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Determine Your Spiritual Gifts

Five Ways to Determine Your Spiritual Gifts

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Recently someone asked me how to determine their spiritual gifts. This is a great question and one that every Christian who wants to serve the Lord faithfully should ask.

The question is so common people have developed surveys to help determine spiritual gifts.

Here are five ways to help us determine the gifts the Holy Spirit’s given us…

1. Pray God Reveals Your Spiritual Gifts to You

God has given everyone at least one gift:

But grace was given to each one of us according to the measure of Christ’s gift. Therefore it says, “When he ascended on high he led a host of captives, and he gave gifts to men.”

Ephesians 4:7-8

Typically we give people gifts for the benefit and/or pleasure of the recipient. God gifts us gifts to benefit others:

As each has received a gift, use it to serve one another, as good stewards of God’s varied grace:

1 Peter 4:10

Since God has given us gifts and wants us to use them to serve Him and others, we can be sure He wants us to recognize the gifts we have. We can pray for God to reveal our gifts to us and be confident this is a request He wants to answer.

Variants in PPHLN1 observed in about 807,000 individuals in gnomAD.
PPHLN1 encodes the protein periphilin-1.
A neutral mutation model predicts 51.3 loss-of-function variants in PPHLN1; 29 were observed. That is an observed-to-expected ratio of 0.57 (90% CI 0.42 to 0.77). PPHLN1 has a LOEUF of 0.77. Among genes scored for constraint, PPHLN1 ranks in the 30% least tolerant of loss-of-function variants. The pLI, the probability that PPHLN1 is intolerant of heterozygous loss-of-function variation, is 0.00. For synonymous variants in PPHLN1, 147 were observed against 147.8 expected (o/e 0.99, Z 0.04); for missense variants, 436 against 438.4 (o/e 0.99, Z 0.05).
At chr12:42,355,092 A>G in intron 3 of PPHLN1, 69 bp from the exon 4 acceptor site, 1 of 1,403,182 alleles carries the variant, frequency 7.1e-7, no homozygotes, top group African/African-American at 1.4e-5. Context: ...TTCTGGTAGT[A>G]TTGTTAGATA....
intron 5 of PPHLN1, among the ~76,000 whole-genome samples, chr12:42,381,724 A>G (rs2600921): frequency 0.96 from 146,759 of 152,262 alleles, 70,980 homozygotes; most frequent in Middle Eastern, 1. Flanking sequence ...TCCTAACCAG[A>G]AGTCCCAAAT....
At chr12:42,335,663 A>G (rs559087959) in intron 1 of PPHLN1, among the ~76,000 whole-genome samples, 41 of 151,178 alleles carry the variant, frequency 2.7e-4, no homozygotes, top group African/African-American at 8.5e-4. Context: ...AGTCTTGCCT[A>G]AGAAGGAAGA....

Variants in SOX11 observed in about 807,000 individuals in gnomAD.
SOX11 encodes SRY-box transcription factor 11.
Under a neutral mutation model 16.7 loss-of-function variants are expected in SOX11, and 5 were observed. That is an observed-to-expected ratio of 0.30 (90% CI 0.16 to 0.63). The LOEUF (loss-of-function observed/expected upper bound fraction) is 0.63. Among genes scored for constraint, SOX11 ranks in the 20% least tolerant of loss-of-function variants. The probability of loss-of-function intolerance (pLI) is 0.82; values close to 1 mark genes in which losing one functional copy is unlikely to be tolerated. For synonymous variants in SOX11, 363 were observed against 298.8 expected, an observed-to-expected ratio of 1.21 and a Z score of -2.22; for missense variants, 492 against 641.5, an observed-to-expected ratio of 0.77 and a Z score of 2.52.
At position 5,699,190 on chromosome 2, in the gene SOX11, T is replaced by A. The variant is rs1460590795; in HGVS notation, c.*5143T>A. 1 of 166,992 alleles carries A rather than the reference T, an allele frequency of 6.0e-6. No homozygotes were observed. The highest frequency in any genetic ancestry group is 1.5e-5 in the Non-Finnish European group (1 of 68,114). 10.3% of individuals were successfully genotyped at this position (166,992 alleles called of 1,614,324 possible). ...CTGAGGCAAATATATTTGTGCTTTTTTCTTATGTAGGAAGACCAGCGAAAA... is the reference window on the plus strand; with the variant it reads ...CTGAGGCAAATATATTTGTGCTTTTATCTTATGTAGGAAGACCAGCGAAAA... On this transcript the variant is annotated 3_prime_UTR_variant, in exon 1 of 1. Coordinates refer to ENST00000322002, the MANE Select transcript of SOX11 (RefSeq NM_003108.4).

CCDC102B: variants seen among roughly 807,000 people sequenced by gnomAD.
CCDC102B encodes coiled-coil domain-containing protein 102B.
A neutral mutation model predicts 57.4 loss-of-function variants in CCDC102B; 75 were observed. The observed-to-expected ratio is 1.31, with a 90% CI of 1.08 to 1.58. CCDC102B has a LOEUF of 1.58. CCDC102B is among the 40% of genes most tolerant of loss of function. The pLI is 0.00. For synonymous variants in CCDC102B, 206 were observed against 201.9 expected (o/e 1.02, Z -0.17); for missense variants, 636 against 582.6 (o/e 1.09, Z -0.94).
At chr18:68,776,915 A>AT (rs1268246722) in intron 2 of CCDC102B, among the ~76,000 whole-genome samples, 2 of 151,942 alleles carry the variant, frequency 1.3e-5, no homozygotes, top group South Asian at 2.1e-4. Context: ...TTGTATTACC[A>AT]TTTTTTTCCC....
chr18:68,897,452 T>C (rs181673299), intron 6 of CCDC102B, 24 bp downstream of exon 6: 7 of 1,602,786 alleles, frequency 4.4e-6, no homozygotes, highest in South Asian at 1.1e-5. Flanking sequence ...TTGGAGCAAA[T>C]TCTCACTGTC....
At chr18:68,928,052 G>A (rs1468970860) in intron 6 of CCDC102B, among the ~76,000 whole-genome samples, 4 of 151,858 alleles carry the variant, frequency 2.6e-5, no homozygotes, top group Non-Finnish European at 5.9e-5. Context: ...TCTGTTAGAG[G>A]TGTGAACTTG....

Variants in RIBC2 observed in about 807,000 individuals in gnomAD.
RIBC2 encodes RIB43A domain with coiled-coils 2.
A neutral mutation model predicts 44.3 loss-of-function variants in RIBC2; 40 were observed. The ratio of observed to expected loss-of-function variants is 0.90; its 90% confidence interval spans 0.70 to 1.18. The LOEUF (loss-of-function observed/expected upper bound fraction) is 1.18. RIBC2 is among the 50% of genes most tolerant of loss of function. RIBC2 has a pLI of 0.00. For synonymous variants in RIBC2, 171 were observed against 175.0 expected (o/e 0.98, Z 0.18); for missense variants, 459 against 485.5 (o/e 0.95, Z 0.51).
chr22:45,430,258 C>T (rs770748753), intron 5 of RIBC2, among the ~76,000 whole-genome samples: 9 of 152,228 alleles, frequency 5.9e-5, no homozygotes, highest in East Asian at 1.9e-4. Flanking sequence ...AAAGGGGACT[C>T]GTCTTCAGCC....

2. Learn the Spiritual Gifts in Scripture

There are two primary passages listing the gifts:

Having gifts that differ according to the grace given to us, let us use them: if prophecy, in proportion to our faith; if service, in our serving; the one who teaches, in his teaching; the one who exhorts, in his exhortation; the one who contributes, in generosity; the one who leads, with zeal; the one who does acts of mercy, with cheerfulness.

Romans 12:6-8

Now there are varieties of gifts, but the same Spirit; and there are varieties of service, but the same Lord; and there are varieties of activities, but it is the same God who empowers them all in everyone. To each is given the manifestation of the Spirit for the common good. For to one is given through the Spirit the utterance of wisdom, and to another the utterance of knowledge according to the same Spirit, to another faith by the same Spirit, to another gifts of healing by the one Spirit, to another the working of miracles, to another prophecy, to another the ability to distinguish between spirits, to another various kinds of tongues, to another the interpretation of tongues. All these are empowered by one and the same Spirit, who apportions to each one individually as he wills.

1 Corinthians 12:4-11

Unless you have familiarity with the spiritual gifts, you’ll never know what gifts you might have. As you read the passages, consider which gifts you might have.

These passages aren’t exhaustive lists so much as they’re palettes helping us understand what the gifts look like. For example, some people are gifted musically, but even though music is prominent in the church it isn’t listed as a gift. We shouldn’t assume that just because something isn’t listed it isn’t a ‘”real” gift.

3. Consider What You Enjoy Doing